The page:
Patient asked me what an IV med was for..i didnt know - page 3

I am a new grad LVN and a IV med was scheduled for a patient. The patient asked me what is the IV med for and I did not know. She also asked why does she need to have this? and Do you know why she... Read More

  1. Visit  2bFNP4ME2015 profile page
    1
    Nursing bro,

    Congratulations on becoming a nurse! It is very overwhelming when you go through your first year as a novice. Ignore the self-righteous comments from your peers. Unfortunately, the culture of nurses eating their young is not a myth. Keep your head up and use any experience as an opportunity for professional growth. Good luck!
    ethiopia likes this.
  2. Visit  RNfaster profile page
    0
    I have come across some medications that I have been uncertain about. I look them up in the computer. I have even (on a busy shift) asked a patient about a med (particularly if it's from home and not available from our pharmacy) and I have said to the patient, "let me look this up for you..." I then discuss the med, its rationale, side effects. I am truthful with patients... if there's something I don't know, I say, "let me find out for you." New drugs are constantly hitting the market. New indications emerge...and there is also off-label use. Don't be too hard on yourself, OP!
    On the other hand, it is good to know common meds. Know meds that are incompatible (while IV is not your scope, some PO meds must be spaced apart) and/or given with or without food... Know side effects...(does one med lower BP and heart rate while another lowers BP and raises heart rate?, does a med contribute to postural hypotension?) and things you must check before drug administration... You might also study narcotic equianalgesic tables (I find this helpful to consider when giving a patient multiple narcotics)....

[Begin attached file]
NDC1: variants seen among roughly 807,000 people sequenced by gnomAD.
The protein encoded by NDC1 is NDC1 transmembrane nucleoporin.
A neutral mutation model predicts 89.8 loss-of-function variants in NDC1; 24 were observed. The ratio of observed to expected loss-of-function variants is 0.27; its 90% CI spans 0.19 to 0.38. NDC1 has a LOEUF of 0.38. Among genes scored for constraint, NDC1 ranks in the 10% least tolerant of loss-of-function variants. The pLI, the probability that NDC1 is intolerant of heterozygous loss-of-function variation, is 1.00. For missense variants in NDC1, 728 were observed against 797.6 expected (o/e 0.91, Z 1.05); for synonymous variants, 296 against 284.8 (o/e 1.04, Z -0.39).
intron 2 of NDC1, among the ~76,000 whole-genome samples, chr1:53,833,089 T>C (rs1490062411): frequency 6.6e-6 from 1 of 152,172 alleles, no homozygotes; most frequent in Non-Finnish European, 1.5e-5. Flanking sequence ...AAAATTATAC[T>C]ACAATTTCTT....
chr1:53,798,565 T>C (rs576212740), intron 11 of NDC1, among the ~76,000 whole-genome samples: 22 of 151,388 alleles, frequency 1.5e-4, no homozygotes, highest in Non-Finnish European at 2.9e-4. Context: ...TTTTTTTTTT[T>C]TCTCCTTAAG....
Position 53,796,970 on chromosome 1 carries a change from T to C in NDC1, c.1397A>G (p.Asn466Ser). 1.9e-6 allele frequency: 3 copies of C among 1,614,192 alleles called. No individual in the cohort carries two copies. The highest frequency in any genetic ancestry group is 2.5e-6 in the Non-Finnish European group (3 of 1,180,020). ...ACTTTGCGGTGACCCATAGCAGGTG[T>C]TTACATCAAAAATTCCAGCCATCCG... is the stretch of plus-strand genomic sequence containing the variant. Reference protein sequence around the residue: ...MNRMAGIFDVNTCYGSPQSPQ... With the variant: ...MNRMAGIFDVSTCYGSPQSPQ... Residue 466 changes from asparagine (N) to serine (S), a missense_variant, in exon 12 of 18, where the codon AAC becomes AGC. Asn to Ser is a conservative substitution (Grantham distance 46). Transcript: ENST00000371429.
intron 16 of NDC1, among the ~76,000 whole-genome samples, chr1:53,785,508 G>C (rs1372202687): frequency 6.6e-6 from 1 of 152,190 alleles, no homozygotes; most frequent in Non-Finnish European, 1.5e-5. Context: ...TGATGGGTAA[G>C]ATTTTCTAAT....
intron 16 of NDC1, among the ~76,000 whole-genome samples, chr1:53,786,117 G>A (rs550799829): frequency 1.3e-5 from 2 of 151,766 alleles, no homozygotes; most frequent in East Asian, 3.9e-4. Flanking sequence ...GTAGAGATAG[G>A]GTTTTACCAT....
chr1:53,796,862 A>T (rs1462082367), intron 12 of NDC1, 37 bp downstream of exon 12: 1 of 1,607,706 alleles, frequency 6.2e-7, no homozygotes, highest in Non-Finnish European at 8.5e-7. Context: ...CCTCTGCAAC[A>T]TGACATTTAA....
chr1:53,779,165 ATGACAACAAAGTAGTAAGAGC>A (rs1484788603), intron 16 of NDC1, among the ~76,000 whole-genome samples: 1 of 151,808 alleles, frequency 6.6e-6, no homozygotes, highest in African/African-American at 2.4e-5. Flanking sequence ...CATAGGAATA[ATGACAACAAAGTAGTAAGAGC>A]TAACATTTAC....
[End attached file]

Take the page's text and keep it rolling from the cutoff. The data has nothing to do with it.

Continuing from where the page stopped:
I think it's okay and even smart to admit if there's something you don't know, provided you know where to get the answer...and that you do it (get the answer). Good luck!
  3. Visit  wooh profile page
    4
    Quote from samadams8
    ...If you don't know what it is and why you are giving it; really, you shouldn't be giving it...
    True. But since OP was NOT giving it, I think he's covered on that front.

    Quote from DavidKarl
    Another thought- who ordered the IV med, and who started the IV, and who started the IV med via the IV? Two, possibly 3 healthcare workers involved (aside from the LPN) were treating a patient with an IV, without possibly obtaining consent, but obviously without bothering to tell the patient what was going on, and why the IV was needed. And, also- why didn't the patient ASK the ordering provider, or the nurse while the IV was going in, or what the medication was when it was hanged, since she appears to be alert, etc., and taking notes? Lots of potential liability in this scenario- especially if the RN made a med error that wasn't caught by the LPN, eh? I've seen an awful lot of nonchalance, and lawsuits about IVs.
    What on earth? You're now just looking for problems where likely there are none. And have nothing to do with OP's question.

    As for the original question...
    Longer I've been doing this, the more comfortable that I am saying, "I don't know." I learn something new everyday, so obviously there's going to be something that I don't know. You learn to sandwich the admission of ignorance into other things that assure your patient that you're a competent nurse, but sometimes you just won't know.
    Now in this case, you should have known. Even if you aren't giving meds, if your patient is on them, you should have a basic idea of what they're getting. Not just in this type of scenario (LPN who doesn't give IV meds) but even in situations where the patient gets a med that's not on your shift. It's just a good idea to have an idea of what the patient is taking, no matter who will be administering it. You want to always have an overall picture of your patient's plan of care. Depending on how many patients you have, your detail on this will of course vary. An ICU nurse with two patients is of course going to have a more detailed picture than a LTC nurse with 40 patients.